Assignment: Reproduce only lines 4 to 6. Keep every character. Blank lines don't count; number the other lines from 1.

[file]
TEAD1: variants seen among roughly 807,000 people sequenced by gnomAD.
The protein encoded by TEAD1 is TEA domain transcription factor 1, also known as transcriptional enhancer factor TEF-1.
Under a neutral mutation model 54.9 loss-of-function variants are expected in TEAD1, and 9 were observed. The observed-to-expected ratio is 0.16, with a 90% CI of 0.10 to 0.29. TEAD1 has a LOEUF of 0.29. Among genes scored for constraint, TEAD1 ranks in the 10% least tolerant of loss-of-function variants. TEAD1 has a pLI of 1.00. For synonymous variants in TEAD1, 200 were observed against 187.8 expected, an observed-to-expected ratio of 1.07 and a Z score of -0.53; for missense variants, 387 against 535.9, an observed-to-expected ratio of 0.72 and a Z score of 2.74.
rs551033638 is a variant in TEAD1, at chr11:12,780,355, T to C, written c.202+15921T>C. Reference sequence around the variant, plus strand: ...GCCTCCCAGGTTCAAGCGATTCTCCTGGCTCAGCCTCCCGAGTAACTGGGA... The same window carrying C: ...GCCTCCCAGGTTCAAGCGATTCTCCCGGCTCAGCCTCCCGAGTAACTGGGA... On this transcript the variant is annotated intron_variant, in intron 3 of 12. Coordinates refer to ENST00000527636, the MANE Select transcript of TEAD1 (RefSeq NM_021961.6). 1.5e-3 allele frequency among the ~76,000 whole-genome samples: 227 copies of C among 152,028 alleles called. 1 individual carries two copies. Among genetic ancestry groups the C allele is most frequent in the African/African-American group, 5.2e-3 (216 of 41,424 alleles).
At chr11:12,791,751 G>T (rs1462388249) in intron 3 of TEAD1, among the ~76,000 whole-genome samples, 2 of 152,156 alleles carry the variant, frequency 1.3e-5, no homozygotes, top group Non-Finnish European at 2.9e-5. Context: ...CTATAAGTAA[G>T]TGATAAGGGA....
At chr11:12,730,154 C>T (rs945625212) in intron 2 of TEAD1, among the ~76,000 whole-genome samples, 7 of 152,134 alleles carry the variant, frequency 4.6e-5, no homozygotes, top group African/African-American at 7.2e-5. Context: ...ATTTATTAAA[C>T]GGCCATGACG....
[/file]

rs551033638 is a variant in TEAD1, at chr11:12,780,355, T to C, written c.202+15921T>C. Reference sequence around the variant, plus strand: ...GCCTCCCAGGTTCAAGCGATTCTCCTGGCTCAGCCTCCCGAGTAACTGGGA... The same window carrying C: ...GCCTCCCAGGTTCAAGCGATTCTCCCGGCTCAGCCTCCCGAGTAACTGGGA... On this transcript the variant is annotated intron_variant, in intron 3 of 12. Coordinates refer to ENST00000527636, the MANE Select transcript of TEAD1 (RefSeq NM_021961.6). 1.5e-3 allele frequency among the ~76,000 whole-genome samples: 227 copies of C among 152,028 alleles called. 1 individual carries two copies. Among genetic ancestry groups the C allele is most frequent in the African/African-American group, 5.2e-3 (216 of 41,424 alleles).
At chr11:12,791,751 G>T (rs1462388249) in intron 3 of TEAD1, among the ~76,000 whole-genome samples, 2 of 152,156 alleles carry the variant, frequency 1.3e-5, no homozygotes, top group Non-Finnish European at 2.9e-5. Context: ...CTATAAGTAA[G>T]TGATAAGGGA....
At chr11:12,730,154 C>T (rs945625212) in intron 2 of TEAD1, among the ~76,000 whole-genome samples, 7 of 152,134 alleles carry the variant, frequency 4.6e-5, no homozygotes, top group African/African-American at 7.2e-5. Context: ...ATTTATTAAA[C>T]GGCCATGACG....